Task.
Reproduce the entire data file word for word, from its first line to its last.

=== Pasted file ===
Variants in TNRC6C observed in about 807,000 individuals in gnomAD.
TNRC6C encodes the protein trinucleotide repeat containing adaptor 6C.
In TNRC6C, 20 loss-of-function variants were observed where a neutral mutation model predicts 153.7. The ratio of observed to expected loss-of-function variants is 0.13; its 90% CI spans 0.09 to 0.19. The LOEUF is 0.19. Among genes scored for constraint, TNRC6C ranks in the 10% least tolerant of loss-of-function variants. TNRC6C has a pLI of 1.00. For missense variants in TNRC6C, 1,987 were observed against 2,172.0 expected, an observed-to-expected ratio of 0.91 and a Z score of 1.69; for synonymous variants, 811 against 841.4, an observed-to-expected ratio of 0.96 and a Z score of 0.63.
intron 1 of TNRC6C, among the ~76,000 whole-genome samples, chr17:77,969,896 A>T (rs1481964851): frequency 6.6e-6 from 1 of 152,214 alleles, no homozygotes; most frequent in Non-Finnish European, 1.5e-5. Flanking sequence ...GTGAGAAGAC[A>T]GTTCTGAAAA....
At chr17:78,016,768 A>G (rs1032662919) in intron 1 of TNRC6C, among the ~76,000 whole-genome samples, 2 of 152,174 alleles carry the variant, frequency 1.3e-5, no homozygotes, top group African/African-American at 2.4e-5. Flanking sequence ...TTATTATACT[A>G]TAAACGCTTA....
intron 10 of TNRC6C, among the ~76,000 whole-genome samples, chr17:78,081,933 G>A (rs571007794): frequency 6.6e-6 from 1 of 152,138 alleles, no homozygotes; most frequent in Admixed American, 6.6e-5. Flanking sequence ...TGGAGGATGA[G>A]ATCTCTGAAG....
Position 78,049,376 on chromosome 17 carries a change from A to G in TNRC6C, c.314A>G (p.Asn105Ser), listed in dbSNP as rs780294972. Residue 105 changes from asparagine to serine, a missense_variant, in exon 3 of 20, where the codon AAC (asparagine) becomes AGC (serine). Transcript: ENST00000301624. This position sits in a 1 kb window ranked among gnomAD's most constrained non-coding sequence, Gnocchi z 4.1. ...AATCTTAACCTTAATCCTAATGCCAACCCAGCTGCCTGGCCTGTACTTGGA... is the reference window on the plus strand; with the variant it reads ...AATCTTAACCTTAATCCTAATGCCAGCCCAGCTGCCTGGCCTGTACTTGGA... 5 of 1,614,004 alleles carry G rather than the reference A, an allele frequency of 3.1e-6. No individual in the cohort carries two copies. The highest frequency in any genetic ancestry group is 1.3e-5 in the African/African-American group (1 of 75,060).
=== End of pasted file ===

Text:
Variants in TNRC6C observed in about 807,000 individuals in gnomAD.
TNRC6C encodes the protein trinucleotide repeat containing adaptor 6C.
In TNRC6C, 20 loss-of-function variants were observed where a neutral mutation model predicts 153.7. The ratio of observed to expected loss-of-function variants is 0.13; its 90% CI spans 0.09 to 0.19. The LOEUF is 0.19. Among genes scored for constraint, TNRC6C ranks in the 10% least tolerant of loss-of-function variants. TNRC6C has a pLI of 1.00. For missense variants in TNRC6C, 1,987 were observed against 2,172.0 expected, an observed-to-expected ratio of 0.91 and a Z score of 1.69; for synonymous variants, 811 against 841.4, an observed-to-expected ratio of 0.96 and a Z score of 0.63.
intron 1 of TNRC6C, among the ~76,000 whole-genome samples, chr17:77,969,896 A>T (rs1481964851): frequency 6.6e-6 from 1 of 152,214 alleles, no homozygotes; most frequent in Non-Finnish European, 1.5e-5. Flanking sequence ...GTGAGAAGAC[A>T]GTTCTGAAAA....
At chr17:78,016,768 A>G (rs1032662919) in intron 1 of TNRC6C, among the ~76,000 whole-genome samples, 2 of 152,174 alleles carry the variant, frequency 1.3e-5, no homozygotes, top group African/African-American at 2.4e-5. Flanking sequence ...TTATTATACT[A>G]TAAACGCTTA....
intron 10 of TNRC6C, among the ~76,000 whole-genome samples, chr17:78,081,933 G>A (rs571007794): frequency 6.6e-6 from 1 of 152,138 alleles, no homozygotes; most frequent in Admixed American, 6.6e-5. Flanking sequence ...TGGAGGATGA[G>A]ATCTCTGAAG....
Position 78,049,376 on chromosome 17 carries a change from A to G in TNRC6C, c.314A>G (p.Asn105Ser), listed in dbSNP as rs780294972. Residue 105 changes from asparagine to serine, a missense_variant, in exon 3 of 20, where the codon AAC (asparagine) becomes AGC (serine). Transcript: ENST00000301624. This position sits in a 1 kb window ranked among gnomAD's most constrained non-coding sequence, Gnocchi z 4.1. ...AATCTTAACCTTAATCCTAATGCCAACCCAGCTGCCTGGCCTGTACTTGGA... is the reference window on the plus strand; with the variant it reads ...AATCTTAACCTTAATCCTAATGCCAGCCCAGCTGCCTGGCCTGTACTTGGA... 5 of 1,614,004 alleles carry G rather than the reference A, an allele frequency of 3.1e-6. No individual in the cohort carries two copies. The highest frequency in any genetic ancestry group is 1.3e-5 in the African/African-American group (1 of 75,060).